How to cut fake beadboard paneling?

Old 02-09-06, 09:30 AM
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How to cut fake beadboard paneling?

We have these this thin white panels by Georgia Pacific, it's a hardboard material, (melamine?), that mimics the look of beadboard. We put them on a staircase landing wall to cover the wall that was getting all dented and scratched. The board wasn't wide enough, so my husband had to put 2 pieces, but he said he couldn't cut this material evenly, so he pushed the 2 pieces as close together as he could, but there still was a visible rough edge. Then he covered the 2 pieces with a 1 inch flat strip of wood. It blends a little into the beadboard pattern, except that since it's on top of the paneling it's now 3-D.

As you might be able to tell, I don't like that little cover-up. We're going to put some more of this paneling on the wall going up the staircase, but I don't want this weird trim. Is there a better way to cut - maybe a different blade?

And would anyone recommend this fake paneling for an entire room, with a chair rail - or do you think it's tacky? Would it be better to use wood panels and paint? thanks so much, Christine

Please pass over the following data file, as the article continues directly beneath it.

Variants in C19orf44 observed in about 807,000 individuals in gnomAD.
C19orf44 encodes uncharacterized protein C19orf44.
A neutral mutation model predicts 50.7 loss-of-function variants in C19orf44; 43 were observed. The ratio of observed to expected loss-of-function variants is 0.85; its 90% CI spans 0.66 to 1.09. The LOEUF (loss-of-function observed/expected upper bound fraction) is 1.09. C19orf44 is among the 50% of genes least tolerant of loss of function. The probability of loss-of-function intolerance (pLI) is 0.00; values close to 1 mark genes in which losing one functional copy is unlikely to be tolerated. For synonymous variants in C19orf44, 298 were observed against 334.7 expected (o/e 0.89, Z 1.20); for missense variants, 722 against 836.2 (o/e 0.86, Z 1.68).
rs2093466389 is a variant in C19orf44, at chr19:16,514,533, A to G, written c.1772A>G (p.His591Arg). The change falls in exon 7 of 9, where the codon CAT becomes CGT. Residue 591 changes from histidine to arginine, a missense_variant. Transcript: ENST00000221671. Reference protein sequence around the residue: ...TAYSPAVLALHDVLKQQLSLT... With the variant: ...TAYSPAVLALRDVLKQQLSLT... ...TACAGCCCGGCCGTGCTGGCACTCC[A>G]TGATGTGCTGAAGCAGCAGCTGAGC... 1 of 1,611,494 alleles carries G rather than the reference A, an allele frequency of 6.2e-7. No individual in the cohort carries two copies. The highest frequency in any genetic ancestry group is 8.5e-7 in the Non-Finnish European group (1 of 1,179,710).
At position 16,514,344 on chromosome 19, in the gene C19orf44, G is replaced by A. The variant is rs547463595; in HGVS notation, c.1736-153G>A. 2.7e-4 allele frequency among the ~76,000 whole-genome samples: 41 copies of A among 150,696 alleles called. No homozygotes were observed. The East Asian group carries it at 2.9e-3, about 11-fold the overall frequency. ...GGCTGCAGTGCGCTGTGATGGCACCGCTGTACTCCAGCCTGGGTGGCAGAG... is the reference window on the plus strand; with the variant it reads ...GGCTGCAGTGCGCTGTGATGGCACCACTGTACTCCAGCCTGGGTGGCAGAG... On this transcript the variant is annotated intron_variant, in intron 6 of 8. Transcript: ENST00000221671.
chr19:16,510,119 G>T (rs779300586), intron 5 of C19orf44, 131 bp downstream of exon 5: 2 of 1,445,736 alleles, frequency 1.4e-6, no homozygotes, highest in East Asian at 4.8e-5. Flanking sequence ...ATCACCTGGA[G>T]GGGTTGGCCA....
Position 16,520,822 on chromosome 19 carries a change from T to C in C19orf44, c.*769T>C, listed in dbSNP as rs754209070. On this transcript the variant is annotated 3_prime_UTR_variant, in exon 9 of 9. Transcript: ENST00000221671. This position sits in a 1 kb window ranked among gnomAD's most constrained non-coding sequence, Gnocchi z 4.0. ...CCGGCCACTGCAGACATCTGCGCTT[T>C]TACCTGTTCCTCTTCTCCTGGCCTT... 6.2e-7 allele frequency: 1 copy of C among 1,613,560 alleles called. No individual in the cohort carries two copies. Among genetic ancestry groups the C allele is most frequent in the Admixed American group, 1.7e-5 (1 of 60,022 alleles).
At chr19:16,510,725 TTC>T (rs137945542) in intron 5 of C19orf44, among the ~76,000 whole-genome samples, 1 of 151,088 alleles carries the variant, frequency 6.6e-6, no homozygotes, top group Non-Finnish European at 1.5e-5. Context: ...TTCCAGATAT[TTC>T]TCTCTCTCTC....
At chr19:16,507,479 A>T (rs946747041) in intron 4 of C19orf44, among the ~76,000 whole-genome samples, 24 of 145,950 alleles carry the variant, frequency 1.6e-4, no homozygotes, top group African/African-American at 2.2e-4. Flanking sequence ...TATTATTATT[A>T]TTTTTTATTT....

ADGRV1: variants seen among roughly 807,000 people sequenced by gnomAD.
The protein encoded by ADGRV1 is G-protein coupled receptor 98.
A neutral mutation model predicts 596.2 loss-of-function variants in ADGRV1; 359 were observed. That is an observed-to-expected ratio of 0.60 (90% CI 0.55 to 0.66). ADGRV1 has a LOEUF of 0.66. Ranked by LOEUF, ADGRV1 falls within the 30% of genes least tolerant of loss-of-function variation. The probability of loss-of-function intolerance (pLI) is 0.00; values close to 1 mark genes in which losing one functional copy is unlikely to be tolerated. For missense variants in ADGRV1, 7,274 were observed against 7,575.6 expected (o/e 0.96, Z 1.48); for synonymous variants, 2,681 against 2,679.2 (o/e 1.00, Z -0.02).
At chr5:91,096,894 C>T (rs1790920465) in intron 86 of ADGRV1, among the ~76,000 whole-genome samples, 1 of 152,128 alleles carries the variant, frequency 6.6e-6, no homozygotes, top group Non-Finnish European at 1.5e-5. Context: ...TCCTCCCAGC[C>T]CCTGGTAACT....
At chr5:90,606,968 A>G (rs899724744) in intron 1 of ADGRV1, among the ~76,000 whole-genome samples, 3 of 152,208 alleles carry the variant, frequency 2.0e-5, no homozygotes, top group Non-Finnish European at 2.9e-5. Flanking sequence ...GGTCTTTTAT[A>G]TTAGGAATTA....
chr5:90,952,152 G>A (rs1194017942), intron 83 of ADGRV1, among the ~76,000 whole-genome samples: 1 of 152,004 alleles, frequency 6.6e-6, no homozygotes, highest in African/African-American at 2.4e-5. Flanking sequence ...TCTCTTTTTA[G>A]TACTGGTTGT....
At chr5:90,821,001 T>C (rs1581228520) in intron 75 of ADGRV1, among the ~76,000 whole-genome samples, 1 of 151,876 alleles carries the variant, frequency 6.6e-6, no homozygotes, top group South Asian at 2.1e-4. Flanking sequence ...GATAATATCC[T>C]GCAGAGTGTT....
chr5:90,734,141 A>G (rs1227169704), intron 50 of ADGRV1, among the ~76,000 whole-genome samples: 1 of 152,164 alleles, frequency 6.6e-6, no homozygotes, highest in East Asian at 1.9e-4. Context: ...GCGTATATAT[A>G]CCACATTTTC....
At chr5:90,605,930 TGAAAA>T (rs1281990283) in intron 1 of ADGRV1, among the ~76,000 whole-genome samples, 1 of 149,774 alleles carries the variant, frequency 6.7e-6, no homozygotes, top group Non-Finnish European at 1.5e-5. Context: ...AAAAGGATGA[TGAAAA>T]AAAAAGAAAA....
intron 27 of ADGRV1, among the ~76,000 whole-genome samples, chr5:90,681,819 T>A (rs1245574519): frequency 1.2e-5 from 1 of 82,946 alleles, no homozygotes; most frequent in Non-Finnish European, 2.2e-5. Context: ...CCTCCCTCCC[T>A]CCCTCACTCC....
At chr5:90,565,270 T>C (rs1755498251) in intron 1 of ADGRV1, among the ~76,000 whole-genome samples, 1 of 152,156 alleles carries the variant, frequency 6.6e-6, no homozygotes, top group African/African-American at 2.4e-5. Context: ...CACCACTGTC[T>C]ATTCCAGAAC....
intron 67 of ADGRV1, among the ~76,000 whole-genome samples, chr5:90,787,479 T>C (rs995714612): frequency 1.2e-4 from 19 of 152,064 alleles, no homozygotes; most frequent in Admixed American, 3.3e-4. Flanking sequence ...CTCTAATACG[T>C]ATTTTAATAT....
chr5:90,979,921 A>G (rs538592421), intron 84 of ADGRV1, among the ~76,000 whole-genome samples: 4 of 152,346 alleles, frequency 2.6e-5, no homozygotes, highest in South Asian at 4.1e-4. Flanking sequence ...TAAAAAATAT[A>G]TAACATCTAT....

Old 02-10-06, 12:26 AM
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I'm not familiar with the plastic material you're talking about.

For an inexpensive beadboard most people use the beaded plywood that Georgia Pacific sells. Lowes and Home Depot carry it as do many lumber yards. It comes in 4' by 8' sheets. The edges are ship lapped to disquise the seams. The last time I looked it was $22 per sheet. At the usual height for a beaded wainscot one sheet will do 12 feet of wall. With some sanding and careful painting it's hard to tell from the more expensive individual tongue and groove boards.

As far as cutting it is concerned buy or make a guide for your circular saw and use a plywood blade.

The home improvement stores sell books on finish carpentry and trim. They usually have chapters on the installation of beadboard wainscot. Lowes might even have on on-line guide to installation.

Good Luck
Old 02-10-06, 12:26 PM
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I know the stuff. I considered using it until I found out it couldn't be sawn. I was told you have to score it with a utility knife and break it. Its more like concrete than plastic, very heavy.

I used the "Plytanium" beadboard. Cut it with a circular saw, plywood blade, upside down.

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